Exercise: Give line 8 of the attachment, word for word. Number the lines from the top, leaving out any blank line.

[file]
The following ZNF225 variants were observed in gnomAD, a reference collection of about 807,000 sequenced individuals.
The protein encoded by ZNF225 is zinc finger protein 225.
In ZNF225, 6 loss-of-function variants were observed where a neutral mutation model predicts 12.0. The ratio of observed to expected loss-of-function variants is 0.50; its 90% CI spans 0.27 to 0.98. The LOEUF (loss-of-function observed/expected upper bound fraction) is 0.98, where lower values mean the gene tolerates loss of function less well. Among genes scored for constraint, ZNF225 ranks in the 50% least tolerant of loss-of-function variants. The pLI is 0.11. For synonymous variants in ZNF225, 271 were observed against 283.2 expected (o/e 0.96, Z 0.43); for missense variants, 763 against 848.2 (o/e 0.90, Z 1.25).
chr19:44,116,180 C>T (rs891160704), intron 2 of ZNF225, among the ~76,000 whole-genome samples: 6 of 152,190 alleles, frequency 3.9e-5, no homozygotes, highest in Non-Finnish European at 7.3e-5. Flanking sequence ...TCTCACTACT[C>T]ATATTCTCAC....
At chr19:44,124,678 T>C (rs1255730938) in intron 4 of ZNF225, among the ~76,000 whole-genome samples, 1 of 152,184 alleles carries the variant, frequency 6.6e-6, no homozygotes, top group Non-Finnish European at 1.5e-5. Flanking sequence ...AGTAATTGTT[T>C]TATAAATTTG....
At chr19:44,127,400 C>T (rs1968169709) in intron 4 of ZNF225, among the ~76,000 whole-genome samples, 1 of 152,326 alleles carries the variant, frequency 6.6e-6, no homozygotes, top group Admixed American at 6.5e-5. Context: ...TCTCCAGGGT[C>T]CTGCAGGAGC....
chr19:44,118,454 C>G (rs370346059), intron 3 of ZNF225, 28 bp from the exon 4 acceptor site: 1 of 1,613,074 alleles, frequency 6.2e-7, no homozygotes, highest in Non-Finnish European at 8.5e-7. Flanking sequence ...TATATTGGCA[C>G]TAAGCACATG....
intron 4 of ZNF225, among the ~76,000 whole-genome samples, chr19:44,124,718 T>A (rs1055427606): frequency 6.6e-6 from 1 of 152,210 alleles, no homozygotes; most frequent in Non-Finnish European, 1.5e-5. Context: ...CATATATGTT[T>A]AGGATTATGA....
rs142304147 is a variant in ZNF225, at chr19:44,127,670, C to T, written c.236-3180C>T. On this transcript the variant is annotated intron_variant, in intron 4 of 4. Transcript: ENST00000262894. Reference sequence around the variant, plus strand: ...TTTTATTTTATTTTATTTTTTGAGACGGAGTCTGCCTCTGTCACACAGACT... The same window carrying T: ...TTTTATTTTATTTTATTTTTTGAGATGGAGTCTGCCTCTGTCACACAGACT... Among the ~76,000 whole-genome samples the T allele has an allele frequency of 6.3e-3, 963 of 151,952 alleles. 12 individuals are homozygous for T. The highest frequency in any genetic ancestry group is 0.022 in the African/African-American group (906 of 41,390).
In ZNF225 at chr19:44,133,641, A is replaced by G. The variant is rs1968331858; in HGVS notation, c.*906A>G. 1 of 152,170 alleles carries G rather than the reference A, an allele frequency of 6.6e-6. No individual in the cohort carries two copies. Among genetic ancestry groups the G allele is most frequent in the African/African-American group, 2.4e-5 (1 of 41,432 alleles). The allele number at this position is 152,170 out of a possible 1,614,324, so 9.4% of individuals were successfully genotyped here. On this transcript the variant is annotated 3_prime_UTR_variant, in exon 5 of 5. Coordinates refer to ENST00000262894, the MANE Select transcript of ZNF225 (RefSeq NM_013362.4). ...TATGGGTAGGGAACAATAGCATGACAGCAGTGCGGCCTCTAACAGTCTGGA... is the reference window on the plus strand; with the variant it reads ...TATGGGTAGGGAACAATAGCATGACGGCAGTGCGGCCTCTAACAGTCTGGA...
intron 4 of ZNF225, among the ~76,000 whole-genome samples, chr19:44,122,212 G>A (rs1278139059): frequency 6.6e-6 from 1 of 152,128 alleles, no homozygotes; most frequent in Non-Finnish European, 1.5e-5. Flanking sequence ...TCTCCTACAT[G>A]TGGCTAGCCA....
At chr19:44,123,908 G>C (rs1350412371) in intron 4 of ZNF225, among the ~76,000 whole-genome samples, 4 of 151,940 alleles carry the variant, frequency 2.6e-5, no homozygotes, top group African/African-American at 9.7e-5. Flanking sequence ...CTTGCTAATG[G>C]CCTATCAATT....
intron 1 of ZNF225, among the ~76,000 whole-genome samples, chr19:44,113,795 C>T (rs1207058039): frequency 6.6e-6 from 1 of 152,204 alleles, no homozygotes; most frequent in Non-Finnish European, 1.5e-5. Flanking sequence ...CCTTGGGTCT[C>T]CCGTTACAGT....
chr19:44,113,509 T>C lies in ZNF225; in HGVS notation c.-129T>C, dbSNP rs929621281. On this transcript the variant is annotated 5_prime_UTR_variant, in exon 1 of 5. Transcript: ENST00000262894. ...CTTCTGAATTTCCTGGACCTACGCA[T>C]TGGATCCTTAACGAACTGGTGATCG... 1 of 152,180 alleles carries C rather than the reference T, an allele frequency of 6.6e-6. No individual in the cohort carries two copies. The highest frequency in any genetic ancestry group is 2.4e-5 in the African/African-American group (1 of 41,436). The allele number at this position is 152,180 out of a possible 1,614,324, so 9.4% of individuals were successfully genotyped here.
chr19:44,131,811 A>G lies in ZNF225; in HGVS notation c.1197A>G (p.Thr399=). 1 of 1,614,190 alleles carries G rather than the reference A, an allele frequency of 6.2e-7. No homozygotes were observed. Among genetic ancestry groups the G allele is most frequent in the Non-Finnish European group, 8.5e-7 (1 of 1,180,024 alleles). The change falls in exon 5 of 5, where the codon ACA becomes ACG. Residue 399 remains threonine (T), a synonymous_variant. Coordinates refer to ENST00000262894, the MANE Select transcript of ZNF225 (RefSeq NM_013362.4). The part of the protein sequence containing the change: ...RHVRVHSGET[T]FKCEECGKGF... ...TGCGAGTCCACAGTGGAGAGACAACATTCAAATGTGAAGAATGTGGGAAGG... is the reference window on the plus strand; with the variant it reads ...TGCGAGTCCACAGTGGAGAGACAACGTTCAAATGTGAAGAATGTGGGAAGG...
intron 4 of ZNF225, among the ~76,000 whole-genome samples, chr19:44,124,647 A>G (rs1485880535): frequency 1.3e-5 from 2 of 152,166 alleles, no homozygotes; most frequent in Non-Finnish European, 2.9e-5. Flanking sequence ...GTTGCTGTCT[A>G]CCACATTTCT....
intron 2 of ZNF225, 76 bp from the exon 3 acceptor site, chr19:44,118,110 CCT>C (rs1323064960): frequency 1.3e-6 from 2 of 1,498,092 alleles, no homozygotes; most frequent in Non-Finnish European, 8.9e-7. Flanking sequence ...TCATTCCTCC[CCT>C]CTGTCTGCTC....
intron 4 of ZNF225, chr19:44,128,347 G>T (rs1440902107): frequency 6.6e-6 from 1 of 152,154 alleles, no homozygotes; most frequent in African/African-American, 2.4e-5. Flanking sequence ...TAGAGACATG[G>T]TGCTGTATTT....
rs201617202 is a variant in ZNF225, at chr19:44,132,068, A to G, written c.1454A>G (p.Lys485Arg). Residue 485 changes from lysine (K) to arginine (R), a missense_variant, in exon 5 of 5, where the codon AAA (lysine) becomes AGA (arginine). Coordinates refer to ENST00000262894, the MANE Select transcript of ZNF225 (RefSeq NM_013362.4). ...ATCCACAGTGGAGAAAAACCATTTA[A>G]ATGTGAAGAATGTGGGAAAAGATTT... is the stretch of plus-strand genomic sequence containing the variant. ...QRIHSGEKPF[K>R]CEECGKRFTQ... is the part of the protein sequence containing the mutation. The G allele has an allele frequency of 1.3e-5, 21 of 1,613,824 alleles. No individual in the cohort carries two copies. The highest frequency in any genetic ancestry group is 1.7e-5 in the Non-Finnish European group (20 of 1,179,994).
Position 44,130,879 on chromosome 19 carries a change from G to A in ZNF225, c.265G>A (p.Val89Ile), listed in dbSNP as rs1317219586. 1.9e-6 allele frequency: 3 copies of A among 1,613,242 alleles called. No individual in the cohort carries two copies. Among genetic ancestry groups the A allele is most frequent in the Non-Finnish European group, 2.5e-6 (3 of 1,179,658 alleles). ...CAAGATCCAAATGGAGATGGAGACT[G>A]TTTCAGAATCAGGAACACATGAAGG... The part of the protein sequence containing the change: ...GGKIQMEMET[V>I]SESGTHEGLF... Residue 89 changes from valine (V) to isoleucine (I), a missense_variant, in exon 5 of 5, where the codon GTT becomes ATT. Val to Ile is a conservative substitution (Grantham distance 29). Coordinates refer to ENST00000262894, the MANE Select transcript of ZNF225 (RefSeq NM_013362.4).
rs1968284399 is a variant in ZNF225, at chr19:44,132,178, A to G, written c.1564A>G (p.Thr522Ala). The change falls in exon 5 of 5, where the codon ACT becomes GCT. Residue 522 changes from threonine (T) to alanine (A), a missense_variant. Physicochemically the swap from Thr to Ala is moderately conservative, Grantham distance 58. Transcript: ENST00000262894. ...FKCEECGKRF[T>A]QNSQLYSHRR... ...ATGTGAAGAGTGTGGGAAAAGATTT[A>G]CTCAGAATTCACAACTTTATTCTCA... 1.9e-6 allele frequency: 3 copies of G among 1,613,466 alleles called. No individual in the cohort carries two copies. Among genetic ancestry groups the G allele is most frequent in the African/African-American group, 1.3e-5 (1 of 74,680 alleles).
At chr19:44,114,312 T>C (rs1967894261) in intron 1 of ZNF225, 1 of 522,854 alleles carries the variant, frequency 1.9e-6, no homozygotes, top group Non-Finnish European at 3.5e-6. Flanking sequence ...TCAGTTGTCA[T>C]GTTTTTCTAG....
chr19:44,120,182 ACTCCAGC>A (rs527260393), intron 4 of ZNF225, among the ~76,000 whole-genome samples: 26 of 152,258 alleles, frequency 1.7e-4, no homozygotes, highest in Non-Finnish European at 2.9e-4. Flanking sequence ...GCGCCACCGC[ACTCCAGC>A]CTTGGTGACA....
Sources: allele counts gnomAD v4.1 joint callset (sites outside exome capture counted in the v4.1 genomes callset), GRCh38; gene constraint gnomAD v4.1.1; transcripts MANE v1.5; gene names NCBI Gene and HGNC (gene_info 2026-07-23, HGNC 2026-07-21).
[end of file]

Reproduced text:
intron 4 of ZNF225, among the ~76,000 whole-genome samples, chr19:44,124,718 T>A (rs1055427606): frequency 6.6e-6 from 1 of 152,210 alleles, no homozygotes; most frequent in Non-Finnish European, 1.5e-5. Context: ...CATATATGTT[T>A]AGGATTATGA....